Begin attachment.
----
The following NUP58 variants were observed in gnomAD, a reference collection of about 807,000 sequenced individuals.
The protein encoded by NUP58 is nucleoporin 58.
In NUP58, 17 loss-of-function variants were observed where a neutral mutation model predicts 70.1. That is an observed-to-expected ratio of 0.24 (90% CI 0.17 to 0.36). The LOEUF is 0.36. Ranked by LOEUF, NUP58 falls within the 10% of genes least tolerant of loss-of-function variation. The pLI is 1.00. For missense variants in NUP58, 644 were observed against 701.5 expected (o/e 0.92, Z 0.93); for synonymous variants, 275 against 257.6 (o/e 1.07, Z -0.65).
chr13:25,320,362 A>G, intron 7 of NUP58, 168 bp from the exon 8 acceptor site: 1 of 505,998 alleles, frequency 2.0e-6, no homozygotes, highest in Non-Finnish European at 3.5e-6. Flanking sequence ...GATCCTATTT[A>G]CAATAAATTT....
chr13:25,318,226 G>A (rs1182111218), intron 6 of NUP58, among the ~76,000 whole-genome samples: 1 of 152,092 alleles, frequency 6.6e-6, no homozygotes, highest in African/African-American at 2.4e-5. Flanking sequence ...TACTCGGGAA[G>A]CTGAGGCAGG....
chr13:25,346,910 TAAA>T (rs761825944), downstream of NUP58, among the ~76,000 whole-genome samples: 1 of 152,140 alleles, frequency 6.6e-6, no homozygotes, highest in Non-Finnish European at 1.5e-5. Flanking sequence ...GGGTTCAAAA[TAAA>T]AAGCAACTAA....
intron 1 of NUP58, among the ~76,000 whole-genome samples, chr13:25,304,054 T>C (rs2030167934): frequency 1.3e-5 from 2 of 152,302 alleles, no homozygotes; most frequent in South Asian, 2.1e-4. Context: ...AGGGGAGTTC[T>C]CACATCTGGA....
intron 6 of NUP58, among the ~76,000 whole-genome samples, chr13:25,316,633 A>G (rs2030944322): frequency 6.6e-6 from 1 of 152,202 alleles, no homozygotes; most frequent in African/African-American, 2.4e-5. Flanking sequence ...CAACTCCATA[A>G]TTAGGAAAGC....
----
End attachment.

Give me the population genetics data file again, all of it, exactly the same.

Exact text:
The following NUP58 variants were observed in gnomAD, a reference collection of about 807,000 sequenced individuals.
The protein encoded by NUP58 is nucleoporin 58.
In NUP58, 17 loss-of-function variants were observed where a neutral mutation model predicts 70.1. That is an observed-to-expected ratio of 0.24 (90% CI 0.17 to 0.36). The LOEUF is 0.36. Ranked by LOEUF, NUP58 falls within the 10% of genes least tolerant of loss-of-function variation. The pLI is 1.00. For missense variants in NUP58, 644 were observed against 701.5 expected (o/e 0.92, Z 0.93); for synonymous variants, 275 against 257.6 (o/e 1.07, Z -0.65).
chr13:25,320,362 A>G, intron 7 of NUP58, 168 bp from the exon 8 acceptor site: 1 of 505,998 alleles, frequency 2.0e-6, no homozygotes, highest in Non-Finnish European at 3.5e-6. Flanking sequence ...GATCCTATTT[A>G]CAATAAATTT....
chr13:25,318,226 G>A (rs1182111218), intron 6 of NUP58, among the ~76,000 whole-genome samples: 1 of 152,092 alleles, frequency 6.6e-6, no homozygotes, highest in African/African-American at 2.4e-5. Flanking sequence ...TACTCGGGAA[G>A]CTGAGGCAGG....
chr13:25,346,910 TAAA>T (rs761825944), downstream of NUP58, among the ~76,000 whole-genome samples: 1 of 152,140 alleles, frequency 6.6e-6, no homozygotes, highest in Non-Finnish European at 1.5e-5. Flanking sequence ...GGGTTCAAAA[TAAA>T]AAGCAACTAA....
intron 1 of NUP58, among the ~76,000 whole-genome samples, chr13:25,304,054 T>C (rs2030167934): frequency 1.3e-5 from 2 of 152,302 alleles, no homozygotes; most frequent in South Asian, 2.1e-4. Context: ...AGGGGAGTTC[T>C]CACATCTGGA....
intron 6 of NUP58, among the ~76,000 whole-genome samples, chr13:25,316,633 A>G (rs2030944322): frequency 6.6e-6 from 1 of 152,202 alleles, no homozygotes; most frequent in African/African-American, 2.4e-5. Flanking sequence ...CAACTCCATA[A>G]TTAGGAAAGC....